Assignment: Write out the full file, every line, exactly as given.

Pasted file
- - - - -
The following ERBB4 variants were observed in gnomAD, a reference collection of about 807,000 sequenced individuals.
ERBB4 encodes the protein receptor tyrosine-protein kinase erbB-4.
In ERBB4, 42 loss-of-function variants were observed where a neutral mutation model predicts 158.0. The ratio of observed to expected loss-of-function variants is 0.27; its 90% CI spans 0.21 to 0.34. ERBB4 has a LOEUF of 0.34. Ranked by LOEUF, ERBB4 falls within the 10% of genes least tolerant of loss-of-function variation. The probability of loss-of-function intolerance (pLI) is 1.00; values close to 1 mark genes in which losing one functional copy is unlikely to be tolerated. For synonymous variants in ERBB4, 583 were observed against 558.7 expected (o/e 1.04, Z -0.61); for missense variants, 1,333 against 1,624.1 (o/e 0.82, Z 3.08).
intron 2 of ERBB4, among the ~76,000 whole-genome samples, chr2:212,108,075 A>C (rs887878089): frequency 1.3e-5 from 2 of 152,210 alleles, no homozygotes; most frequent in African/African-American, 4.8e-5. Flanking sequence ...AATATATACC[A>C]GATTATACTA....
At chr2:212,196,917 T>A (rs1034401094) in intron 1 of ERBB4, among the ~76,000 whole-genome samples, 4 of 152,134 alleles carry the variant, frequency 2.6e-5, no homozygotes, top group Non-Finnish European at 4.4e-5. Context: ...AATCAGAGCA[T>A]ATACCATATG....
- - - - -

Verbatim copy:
The following ERBB4 variants were observed in gnomAD, a reference collection of about 807,000 sequenced individuals.
ERBB4 encodes the protein receptor tyrosine-protein kinase erbB-4.
In ERBB4, 42 loss-of-function variants were observed where a neutral mutation model predicts 158.0. The ratio of observed to expected loss-of-function variants is 0.27; its 90% CI spans 0.21 to 0.34. ERBB4 has a LOEUF of 0.34. Ranked by LOEUF, ERBB4 falls within the 10% of genes least tolerant of loss-of-function variation. The probability of loss-of-function intolerance (pLI) is 1.00; values close to 1 mark genes in which losing one functional copy is unlikely to be tolerated. For synonymous variants in ERBB4, 583 were observed against 558.7 expected (o/e 1.04, Z -0.61); for missense variants, 1,333 against 1,624.1 (o/e 0.82, Z 3.08).
intron 2 of ERBB4, among the ~76,000 whole-genome samples, chr2:212,108,075 A>C (rs887878089): frequency 1.3e-5 from 2 of 152,210 alleles, no homozygotes; most frequent in African/African-American, 4.8e-5. Flanking sequence ...AATATATACC[A>C]GATTATACTA....
At chr2:212,196,917 T>A (rs1034401094) in intron 1 of ERBB4, among the ~76,000 whole-genome samples, 4 of 152,134 alleles carry the variant, frequency 2.6e-5, no homozygotes, top group Non-Finnish European at 4.4e-5. Context: ...AATCAGAGCA[T>A]ATACCATATG....